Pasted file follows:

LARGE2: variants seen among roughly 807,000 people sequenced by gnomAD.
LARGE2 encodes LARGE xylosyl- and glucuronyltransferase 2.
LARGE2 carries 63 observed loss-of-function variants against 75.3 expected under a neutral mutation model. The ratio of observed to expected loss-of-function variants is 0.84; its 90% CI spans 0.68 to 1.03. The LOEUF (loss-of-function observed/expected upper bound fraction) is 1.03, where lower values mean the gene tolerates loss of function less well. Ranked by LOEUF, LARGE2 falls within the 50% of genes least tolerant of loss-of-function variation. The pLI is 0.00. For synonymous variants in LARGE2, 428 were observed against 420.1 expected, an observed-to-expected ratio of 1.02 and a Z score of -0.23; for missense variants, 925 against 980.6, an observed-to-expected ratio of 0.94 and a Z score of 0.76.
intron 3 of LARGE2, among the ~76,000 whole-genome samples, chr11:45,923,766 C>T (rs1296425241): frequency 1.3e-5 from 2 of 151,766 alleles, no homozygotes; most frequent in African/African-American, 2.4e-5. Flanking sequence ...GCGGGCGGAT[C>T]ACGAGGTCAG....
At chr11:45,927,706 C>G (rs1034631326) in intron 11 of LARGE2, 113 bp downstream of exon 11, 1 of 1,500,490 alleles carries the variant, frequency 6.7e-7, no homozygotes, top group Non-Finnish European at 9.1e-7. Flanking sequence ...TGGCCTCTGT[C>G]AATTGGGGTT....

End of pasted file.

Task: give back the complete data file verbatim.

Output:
LARGE2: variants seen among roughly 807,000 people sequenced by gnomAD.
LARGE2 encodes LARGE xylosyl- and glucuronyltransferase 2.
LARGE2 carries 63 observed loss-of-function variants against 75.3 expected under a neutral mutation model. The ratio of observed to expected loss-of-function variants is 0.84; its 90% CI spans 0.68 to 1.03. The LOEUF (loss-of-function observed/expected upper bound fraction) is 1.03, where lower values mean the gene tolerates loss of function less well. Ranked by LOEUF, LARGE2 falls within the 50% of genes least tolerant of loss-of-function variation. The pLI is 0.00. For synonymous variants in LARGE2, 428 were observed against 420.1 expected, an observed-to-expected ratio of 1.02 and a Z score of -0.23; for missense variants, 925 against 980.6, an observed-to-expected ratio of 0.94 and a Z score of 0.76.
intron 3 of LARGE2, among the ~76,000 whole-genome samples, chr11:45,923,766 C>T (rs1296425241): frequency 1.3e-5 from 2 of 151,766 alleles, no homozygotes; most frequent in African/African-American, 2.4e-5. Flanking sequence ...GCGGGCGGAT[C>T]ACGAGGTCAG....
At chr11:45,927,706 C>G (rs1034631326) in intron 11 of LARGE2, 113 bp downstream of exon 11, 1 of 1,500,490 alleles carries the variant, frequency 6.7e-7, no homozygotes, top group Non-Finnish European at 9.1e-7. Flanking sequence ...TGGCCTCTGT[C>G]AATTGGGGTT....